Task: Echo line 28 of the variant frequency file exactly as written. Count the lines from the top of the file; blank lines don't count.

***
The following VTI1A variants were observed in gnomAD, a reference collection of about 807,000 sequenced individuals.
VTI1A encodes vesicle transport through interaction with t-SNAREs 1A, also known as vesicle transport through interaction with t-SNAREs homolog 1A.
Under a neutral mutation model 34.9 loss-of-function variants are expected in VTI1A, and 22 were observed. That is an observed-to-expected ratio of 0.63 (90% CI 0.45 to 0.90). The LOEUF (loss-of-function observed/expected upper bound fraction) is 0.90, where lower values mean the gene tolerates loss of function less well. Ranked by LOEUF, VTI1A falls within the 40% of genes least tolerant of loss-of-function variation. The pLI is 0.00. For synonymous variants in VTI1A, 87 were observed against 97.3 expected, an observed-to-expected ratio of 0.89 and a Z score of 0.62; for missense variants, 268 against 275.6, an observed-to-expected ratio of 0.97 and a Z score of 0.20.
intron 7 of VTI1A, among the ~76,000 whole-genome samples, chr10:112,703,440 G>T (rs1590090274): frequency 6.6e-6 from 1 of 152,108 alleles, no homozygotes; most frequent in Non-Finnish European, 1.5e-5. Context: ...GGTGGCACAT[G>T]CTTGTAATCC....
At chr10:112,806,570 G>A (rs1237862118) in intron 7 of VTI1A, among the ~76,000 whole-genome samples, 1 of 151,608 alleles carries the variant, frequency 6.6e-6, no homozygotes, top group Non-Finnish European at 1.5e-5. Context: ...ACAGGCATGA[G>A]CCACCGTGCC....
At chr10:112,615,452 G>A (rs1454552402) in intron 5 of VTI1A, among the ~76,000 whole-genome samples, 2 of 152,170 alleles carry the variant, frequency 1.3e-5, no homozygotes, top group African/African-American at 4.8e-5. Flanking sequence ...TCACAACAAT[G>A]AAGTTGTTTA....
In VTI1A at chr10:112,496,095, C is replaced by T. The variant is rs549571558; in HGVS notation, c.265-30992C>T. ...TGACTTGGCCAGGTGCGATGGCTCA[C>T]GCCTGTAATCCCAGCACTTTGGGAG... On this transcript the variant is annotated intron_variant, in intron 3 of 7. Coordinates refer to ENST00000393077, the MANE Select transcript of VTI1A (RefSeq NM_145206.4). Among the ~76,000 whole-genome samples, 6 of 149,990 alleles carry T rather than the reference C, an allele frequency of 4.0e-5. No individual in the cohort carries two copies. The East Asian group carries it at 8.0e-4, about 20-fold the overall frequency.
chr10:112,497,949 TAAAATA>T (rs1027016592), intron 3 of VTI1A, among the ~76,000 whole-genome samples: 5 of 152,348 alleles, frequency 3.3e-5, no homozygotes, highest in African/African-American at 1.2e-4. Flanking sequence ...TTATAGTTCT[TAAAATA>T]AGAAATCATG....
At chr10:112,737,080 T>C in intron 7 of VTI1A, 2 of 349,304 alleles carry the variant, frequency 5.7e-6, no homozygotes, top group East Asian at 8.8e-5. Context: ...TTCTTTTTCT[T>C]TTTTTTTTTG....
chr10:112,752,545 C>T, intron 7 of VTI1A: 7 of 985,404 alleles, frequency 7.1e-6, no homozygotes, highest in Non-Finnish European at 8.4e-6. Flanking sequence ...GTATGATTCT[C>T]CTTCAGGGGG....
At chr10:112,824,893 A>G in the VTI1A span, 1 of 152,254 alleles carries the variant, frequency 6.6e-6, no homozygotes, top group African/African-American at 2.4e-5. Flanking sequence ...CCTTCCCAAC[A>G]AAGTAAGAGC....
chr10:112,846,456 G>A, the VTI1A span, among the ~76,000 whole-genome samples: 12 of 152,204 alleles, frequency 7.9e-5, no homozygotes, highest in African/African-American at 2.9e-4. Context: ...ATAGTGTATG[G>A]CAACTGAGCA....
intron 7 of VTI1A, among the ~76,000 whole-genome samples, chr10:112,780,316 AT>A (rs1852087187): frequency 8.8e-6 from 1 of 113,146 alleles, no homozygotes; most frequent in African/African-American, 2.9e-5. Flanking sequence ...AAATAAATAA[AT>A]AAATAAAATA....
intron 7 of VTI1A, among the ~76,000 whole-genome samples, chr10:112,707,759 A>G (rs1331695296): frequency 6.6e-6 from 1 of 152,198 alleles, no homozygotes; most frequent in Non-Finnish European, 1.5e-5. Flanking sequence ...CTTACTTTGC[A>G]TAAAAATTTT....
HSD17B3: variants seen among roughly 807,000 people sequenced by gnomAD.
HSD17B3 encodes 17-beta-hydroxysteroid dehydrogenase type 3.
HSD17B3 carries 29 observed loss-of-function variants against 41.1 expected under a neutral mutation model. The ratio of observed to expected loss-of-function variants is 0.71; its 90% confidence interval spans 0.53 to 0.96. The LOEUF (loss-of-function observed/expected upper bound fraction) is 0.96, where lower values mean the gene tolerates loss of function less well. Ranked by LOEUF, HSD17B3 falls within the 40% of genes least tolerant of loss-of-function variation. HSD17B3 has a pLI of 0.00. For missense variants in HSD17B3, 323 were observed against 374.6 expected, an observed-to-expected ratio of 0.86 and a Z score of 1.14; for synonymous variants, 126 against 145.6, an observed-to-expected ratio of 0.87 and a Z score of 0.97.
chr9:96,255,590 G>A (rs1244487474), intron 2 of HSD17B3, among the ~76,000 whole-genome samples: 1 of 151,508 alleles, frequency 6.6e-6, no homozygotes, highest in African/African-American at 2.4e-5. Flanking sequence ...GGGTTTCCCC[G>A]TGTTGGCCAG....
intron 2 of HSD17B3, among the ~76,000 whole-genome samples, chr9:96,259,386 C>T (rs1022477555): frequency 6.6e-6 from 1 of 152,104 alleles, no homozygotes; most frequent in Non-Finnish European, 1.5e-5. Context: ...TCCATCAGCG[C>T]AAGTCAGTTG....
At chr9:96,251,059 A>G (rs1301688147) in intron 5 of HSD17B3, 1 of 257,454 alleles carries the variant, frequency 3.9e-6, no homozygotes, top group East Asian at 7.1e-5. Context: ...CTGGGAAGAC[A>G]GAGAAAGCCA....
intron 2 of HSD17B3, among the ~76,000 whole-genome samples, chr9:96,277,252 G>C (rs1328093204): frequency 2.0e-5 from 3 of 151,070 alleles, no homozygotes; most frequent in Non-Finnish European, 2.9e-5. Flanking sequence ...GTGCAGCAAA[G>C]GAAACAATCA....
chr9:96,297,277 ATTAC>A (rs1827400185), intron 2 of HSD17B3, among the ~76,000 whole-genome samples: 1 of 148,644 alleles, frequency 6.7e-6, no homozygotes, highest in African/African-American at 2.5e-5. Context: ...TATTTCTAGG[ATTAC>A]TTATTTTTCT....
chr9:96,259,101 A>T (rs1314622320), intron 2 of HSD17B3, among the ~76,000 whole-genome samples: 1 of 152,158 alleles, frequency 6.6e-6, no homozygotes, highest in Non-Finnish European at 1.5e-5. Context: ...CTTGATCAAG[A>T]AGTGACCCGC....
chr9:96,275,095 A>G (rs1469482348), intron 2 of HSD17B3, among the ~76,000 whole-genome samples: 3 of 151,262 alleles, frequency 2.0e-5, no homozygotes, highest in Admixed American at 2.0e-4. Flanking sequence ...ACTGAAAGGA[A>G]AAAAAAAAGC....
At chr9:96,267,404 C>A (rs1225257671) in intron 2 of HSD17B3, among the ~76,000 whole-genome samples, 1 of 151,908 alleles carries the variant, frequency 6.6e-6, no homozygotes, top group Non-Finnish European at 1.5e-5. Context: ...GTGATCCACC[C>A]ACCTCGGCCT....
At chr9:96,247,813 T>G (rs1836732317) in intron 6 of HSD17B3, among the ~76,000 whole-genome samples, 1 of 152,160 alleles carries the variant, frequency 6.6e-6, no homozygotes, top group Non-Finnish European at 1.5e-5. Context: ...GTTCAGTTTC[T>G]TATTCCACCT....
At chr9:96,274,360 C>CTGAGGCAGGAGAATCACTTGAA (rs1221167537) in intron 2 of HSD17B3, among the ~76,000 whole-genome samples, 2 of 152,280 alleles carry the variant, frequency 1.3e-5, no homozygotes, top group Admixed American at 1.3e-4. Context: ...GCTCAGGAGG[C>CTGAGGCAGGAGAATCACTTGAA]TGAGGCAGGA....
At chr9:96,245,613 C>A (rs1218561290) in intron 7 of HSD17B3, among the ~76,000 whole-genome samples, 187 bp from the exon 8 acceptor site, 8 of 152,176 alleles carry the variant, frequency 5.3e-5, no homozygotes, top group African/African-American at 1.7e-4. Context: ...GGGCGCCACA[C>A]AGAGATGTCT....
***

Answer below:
At chr9:96,245,613 C>A (rs1218561290) in intron 7 of HSD17B3, among the ~76,000 whole-genome samples, 187 bp from the exon 8 acceptor site, 8 of 152,176 alleles carry the variant, frequency 5.3e-5, no homozygotes, top group African/African-American at 1.7e-4. Context: ...GGGCGCCACA[C>A]AGAGATGTCT....